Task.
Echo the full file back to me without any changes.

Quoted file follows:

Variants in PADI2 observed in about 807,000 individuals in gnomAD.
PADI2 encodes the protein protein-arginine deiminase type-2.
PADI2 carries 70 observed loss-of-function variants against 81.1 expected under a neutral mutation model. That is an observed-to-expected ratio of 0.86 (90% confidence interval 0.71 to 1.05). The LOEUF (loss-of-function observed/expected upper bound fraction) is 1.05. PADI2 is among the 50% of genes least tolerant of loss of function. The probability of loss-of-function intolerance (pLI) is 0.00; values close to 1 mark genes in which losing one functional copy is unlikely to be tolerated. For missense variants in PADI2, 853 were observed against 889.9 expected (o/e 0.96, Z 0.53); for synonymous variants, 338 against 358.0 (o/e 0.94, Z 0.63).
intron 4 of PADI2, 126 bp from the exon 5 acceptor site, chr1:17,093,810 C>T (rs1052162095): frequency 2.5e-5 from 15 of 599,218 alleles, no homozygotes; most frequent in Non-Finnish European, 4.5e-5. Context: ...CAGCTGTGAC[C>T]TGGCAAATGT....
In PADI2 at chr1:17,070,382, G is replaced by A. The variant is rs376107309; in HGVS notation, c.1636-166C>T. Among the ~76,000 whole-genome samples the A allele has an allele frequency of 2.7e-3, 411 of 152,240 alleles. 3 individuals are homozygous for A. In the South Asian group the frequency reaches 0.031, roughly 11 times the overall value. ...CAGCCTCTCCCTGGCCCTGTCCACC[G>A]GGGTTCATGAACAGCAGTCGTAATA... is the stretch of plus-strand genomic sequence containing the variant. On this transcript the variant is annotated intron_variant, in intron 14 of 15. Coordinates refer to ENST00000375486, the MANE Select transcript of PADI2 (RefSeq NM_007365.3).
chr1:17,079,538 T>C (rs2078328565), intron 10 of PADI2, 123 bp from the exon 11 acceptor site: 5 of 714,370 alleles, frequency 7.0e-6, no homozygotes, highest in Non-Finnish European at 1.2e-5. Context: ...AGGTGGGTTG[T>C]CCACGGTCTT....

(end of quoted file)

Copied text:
Variants in PADI2 observed in about 807,000 individuals in gnomAD.
PADI2 encodes the protein protein-arginine deiminase type-2.
PADI2 carries 70 observed loss-of-function variants against 81.1 expected under a neutral mutation model. That is an observed-to-expected ratio of 0.86 (90% confidence interval 0.71 to 1.05). The LOEUF (loss-of-function observed/expected upper bound fraction) is 1.05. PADI2 is among the 50% of genes least tolerant of loss of function. The probability of loss-of-function intolerance (pLI) is 0.00; values close to 1 mark genes in which losing one functional copy is unlikely to be tolerated. For missense variants in PADI2, 853 were observed against 889.9 expected (o/e 0.96, Z 0.53); for synonymous variants, 338 against 358.0 (o/e 0.94, Z 0.63).
intron 4 of PADI2, 126 bp from the exon 5 acceptor site, chr1:17,093,810 C>T (rs1052162095): frequency 2.5e-5 from 15 of 599,218 alleles, no homozygotes; most frequent in Non-Finnish European, 4.5e-5. Context: ...CAGCTGTGAC[C>T]TGGCAAATGT....
In PADI2 at chr1:17,070,382, G is replaced by A. The variant is rs376107309; in HGVS notation, c.1636-166C>T. Among the ~76,000 whole-genome samples the A allele has an allele frequency of 2.7e-3, 411 of 152,240 alleles. 3 individuals are homozygous for A. In the South Asian group the frequency reaches 0.031, roughly 11 times the overall value. ...CAGCCTCTCCCTGGCCCTGTCCACC[G>A]GGGTTCATGAACAGCAGTCGTAATA... is the stretch of plus-strand genomic sequence containing the variant. On this transcript the variant is annotated intron_variant, in intron 14 of 15. Coordinates refer to ENST00000375486, the MANE Select transcript of PADI2 (RefSeq NM_007365.3).
chr1:17,079,538 T>C (rs2078328565), intron 10 of PADI2, 123 bp from the exon 11 acceptor site: 5 of 714,370 alleles, frequency 7.0e-6, no homozygotes, highest in Non-Finnish European at 1.2e-5. Context: ...AGGTGGGTTG[T>C]CCACGGTCTT....